A quick connection to Salesforce with Pentaho

I have been tasked with create a quick way to load orders into sales force by my employer.  They have set up the custom order type in sales force and provided me a login and csv file.  This is the limit of my knowledge of sales force, so I am starting from scratch.  I was able to look around their developer site long enough to find a wsdl and was well on my way to creating a custom c# app to attach to it and simply pars the csv file, but decided to dual purpose this experience and try to do it with the new tool in the shop, Pentaho. 

Pentaho, if you're not familiar, is a ETL / DTL tool that runs on java and creates files called kettle files.  http://www.pentaho.com/  These files script data transformations and movement as transformations and jobs and can be run on a server on a scheduled basis.  The UI editor for configure it is called spoon and is basically a 100 click tool (100 clicks for every line of code I could write).  Its basically an attempt to make the standard process of file reading, writing and data conversions all take place in this tool.  Its a nice idea as who likes writing file readers and parsers?  Well me too sort of, but you get my drift.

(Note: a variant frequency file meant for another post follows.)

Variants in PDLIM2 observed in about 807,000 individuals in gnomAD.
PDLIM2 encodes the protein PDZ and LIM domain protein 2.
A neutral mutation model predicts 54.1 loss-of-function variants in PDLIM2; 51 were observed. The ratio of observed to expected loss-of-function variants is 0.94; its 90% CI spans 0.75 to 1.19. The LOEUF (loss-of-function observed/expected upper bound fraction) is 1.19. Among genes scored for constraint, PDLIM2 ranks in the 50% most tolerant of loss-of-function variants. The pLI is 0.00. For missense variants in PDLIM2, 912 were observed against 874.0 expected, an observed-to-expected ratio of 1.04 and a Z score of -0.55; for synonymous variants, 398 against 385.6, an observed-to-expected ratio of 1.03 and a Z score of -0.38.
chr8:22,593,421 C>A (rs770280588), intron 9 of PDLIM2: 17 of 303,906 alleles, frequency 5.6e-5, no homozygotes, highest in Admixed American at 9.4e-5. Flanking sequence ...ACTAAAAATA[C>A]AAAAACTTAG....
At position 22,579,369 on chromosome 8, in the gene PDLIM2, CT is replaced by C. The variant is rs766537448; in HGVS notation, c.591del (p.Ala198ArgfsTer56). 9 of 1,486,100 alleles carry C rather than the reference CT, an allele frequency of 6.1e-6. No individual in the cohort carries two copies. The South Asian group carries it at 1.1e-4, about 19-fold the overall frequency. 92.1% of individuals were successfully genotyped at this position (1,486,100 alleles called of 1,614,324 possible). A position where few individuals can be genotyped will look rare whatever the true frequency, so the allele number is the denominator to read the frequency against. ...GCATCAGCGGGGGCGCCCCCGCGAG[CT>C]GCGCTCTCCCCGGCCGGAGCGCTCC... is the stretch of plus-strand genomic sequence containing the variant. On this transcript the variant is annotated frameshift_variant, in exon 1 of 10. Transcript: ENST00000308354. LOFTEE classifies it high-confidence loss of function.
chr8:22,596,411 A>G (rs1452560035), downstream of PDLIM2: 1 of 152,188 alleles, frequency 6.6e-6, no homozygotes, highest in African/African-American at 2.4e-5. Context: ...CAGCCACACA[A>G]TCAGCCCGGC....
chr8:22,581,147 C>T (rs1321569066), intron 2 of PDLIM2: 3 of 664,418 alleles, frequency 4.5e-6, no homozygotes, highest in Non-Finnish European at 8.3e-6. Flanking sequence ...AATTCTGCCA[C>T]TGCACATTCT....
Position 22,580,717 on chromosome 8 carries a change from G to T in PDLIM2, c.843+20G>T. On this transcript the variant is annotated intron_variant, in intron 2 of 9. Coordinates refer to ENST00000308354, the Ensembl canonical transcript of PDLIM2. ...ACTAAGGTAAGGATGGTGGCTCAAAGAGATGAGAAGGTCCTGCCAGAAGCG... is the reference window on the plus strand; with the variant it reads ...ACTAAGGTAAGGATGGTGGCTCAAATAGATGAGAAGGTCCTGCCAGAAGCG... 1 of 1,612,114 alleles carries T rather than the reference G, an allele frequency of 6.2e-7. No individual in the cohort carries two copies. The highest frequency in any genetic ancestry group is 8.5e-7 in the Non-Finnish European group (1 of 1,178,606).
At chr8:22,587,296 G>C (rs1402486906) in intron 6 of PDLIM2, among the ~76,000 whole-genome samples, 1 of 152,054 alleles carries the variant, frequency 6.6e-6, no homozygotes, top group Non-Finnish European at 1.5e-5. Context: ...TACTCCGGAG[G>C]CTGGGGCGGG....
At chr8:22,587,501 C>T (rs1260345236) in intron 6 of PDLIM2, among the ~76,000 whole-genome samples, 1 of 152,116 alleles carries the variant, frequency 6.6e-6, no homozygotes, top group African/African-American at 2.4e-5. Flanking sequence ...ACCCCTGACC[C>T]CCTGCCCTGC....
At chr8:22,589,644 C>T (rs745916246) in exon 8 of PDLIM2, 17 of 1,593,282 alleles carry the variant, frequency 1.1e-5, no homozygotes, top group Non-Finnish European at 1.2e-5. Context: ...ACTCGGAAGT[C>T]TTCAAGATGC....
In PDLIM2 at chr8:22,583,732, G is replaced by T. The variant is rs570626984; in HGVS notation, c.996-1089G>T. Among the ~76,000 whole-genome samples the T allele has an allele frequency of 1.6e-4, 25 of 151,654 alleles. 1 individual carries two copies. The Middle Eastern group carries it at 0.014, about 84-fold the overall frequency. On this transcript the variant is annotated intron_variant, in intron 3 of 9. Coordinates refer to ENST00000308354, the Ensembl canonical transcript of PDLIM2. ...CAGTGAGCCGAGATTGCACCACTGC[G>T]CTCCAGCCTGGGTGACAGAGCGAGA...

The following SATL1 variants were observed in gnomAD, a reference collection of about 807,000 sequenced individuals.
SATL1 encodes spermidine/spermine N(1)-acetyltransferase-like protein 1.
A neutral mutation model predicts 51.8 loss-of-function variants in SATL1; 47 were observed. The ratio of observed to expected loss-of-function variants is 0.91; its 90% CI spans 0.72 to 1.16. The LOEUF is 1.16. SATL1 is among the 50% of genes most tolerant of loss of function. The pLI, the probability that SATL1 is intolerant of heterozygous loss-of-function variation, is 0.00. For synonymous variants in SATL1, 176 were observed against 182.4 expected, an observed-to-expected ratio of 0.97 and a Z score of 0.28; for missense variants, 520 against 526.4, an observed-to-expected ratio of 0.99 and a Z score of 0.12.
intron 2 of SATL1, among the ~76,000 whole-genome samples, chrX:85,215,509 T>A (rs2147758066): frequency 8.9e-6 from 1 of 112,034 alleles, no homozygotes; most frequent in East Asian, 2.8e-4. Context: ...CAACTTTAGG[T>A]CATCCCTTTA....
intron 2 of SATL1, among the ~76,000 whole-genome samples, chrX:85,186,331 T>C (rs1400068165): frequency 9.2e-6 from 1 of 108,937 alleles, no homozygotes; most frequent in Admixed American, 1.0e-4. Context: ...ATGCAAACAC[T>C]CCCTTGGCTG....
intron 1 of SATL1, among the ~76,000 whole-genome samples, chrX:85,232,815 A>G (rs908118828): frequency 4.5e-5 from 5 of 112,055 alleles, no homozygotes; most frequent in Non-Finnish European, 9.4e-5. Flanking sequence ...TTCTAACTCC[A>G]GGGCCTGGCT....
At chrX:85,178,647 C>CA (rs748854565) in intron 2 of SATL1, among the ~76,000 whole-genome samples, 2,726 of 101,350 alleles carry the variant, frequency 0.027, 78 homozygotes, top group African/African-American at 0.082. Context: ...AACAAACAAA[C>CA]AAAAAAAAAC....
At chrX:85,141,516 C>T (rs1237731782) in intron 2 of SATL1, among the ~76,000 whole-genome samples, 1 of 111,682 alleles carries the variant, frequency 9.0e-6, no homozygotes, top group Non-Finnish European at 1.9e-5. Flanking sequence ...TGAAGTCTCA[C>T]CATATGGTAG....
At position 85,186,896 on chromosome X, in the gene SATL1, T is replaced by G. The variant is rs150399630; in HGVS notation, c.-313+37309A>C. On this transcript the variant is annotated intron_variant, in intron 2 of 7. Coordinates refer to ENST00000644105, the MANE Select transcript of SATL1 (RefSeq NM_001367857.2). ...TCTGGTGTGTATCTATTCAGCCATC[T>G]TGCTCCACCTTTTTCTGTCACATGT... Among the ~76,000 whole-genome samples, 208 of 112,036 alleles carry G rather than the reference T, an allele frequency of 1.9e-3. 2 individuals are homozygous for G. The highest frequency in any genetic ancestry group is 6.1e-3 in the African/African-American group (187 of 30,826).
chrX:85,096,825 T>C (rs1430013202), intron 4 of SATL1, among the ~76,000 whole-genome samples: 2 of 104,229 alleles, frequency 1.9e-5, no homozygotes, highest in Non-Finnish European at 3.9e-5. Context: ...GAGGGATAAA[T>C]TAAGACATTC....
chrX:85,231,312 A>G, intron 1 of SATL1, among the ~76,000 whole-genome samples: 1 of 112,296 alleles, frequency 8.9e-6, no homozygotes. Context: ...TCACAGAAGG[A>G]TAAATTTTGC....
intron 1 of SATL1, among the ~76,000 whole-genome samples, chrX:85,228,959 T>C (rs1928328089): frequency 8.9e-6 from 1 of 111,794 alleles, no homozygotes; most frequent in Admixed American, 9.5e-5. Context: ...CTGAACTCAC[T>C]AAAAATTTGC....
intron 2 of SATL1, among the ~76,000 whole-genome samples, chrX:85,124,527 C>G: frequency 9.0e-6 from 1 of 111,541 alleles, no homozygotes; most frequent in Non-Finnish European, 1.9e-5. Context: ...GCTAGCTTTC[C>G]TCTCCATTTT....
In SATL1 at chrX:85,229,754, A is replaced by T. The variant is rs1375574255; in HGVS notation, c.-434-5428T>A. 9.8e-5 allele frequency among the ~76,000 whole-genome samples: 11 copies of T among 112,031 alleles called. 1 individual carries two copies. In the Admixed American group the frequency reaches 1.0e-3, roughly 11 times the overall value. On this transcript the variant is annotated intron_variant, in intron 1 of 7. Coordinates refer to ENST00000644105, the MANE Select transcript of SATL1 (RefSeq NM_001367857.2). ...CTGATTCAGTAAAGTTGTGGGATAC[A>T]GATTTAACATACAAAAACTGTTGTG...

Anyways, I crack open Spoon (Pentaho front end), create a new csv file import type and configure it as below.

Basically, I browse to the file I want to load, make sure its comma delimited and quote enclosed then press get fields, it did a nice job in this case and I was able to simply press ok.

Next, I was looking for web server endpoint to tie the data too, but instead found the SalesForce endpoints sitting there for me.  So I grabbed the upsert one (as the files I'm getting weekly are total refreshes so upsert is the way to go).  I configure it like below. 

Basically, all I had to do was enter a username and password as well as the select the custom order object we had created in SalesForce and then edit mappings.  This is where you tie file fields to the sales force service fields.  This isn't too hard and not worth picturing, you can see a few in the picture above.  Then I was done with the transform and loading data to Salesforce.  I will talk more about finishing the Pentaho job off in another post.

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